- URLs blocked by robots.txt
- URLs that are marked with a no-index tag
- Soft 404 errors (that may still be worth correcting)
- URLs that return an unauthorised request
- URLs that Google Bot cannot located (404s)
- Other Crawling errors
8. Search log files for recent website changes
If you experience a drop in traffic following significant changes being made to your site, go back and evaluate those changes. If needed, use log files to determine what was done by who and check if the timing aligns.
Common website problems caused by changes that result in traffic loss:
- Someone added too many or incompatible plugins.
- WordPress theme updated or was changed and caused havoc.
- Internal links disappear during a site redesign.
- URLs changed or dropped without proper redirects put in place.
- Significant design or page content changes. We check the homepage first.
WordPress lets you easily review page revisions. Also, archive.org is an ideal tool like to see which on-page elements, text, or link changes occurred that may have triggered the traffic drop.
The entire site plummeted “When a CMO decides they need to change the copy on their homepage because of an article they read”, Sean Johnson shared on Twitter on April 4, 2023. He added the comment: “Unfortunately this happens a lot to niche sites when a CMO does their own keyword and topic research trying to milk more revenue out of their site without doing things that work but cost money.” 
We experienced this recently with an owner who wants to make content changes and then we “fix” or “optimize” them afterward. They had added so many huge/overweight images and videos to one page, that no one could even get the builder to load the page’s contents to make repairs. Looker Studio’s data visualization can be very efficient in conveying drops. to individuals who are less technical.
9. Google penalty (can be either manual or algorithmic)
Google penalties can cause a traffic drop. Google posts its essential site core practices “that can have the most impact on your web content’s ranking and appearance on Google Search”. While anyone can get a picture or text to show on a page, the guidelines need to be followed if you want consistent traffic. To earn and maintain more traffic than your competitors takes skill.
Fewer sites we evaluate are being penalized by Google these days. But you may lose significant web traffic without ever getting a penalty warning.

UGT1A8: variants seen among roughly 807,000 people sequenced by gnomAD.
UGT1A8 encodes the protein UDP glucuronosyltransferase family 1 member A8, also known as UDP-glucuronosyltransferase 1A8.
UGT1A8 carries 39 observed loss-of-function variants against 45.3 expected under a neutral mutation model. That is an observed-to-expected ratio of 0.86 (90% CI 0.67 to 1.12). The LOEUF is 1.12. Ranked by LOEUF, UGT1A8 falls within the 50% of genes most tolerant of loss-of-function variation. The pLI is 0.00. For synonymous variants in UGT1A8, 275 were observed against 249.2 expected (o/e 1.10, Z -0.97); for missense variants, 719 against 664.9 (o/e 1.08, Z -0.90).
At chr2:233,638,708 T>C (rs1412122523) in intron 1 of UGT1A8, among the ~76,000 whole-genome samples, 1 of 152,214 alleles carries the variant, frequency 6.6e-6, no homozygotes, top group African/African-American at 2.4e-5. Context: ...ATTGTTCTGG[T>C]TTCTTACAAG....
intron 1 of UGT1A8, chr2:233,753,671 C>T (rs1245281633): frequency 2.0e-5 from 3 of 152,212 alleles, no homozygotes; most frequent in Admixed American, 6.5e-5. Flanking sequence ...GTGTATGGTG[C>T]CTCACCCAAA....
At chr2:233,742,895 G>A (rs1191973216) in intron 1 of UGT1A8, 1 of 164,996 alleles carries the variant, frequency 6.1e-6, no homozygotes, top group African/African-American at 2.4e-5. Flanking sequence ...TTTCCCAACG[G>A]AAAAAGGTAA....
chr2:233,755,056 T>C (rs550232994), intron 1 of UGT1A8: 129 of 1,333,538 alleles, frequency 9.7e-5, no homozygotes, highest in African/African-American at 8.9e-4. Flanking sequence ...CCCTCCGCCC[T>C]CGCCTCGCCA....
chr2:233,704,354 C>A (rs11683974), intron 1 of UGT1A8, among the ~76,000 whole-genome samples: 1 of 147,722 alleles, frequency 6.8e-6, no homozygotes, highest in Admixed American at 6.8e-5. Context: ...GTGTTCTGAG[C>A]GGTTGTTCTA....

“Manual actions happen when your website does not follow Google’s guidelines. Some pages or the entire site may be less visible from Google Search results through manual action.” – Daniel Waisberg, Search Advocate at Google.
10. Check if your marketing plan is structured effectively
While assessing individual areas of traffic drop causes, also evaluate if you simply need an overarching different marketing plan. It may help you to better align with your followers and active audience. Especially if your site needs to incorporate ways that it is additionally serving a new or different purpose.
By understanding a business’s core KPIs and main goals we typically start with one of seven different types of marketing plans. From campaign planning, content creation, outreach, brand building, and audience targeting, to digital transformation, the right SEO strategies and marketing plans will influence your traffic ebbs and flows.
So, we know these tasks may seem daunting. However, it is simpler if you have the right tools and know how to use them.
How to Monitor Web Traffic from Google Search Console by Daniel Waisberg
Recently Daniel Waisberg talked about this and his answers are insightful. There can either be internal reasons or external reasons. Internal causes may be unintended mistakes someone makes while creating or updating a page. External causes may be as simple as a shift in user choices. It could be that you no longer have a competitive lead. Google will favor the most accurate, helpful, and concise answer from a trusted source.
“In addition, if you sell a specific brand online, there might be a new competing product cannibalizing your search queries.” – Waisberg
He suggested two basic ways to assess low web traffic using Google’s tools:
- Use Google Search Console
- Use Google Trennds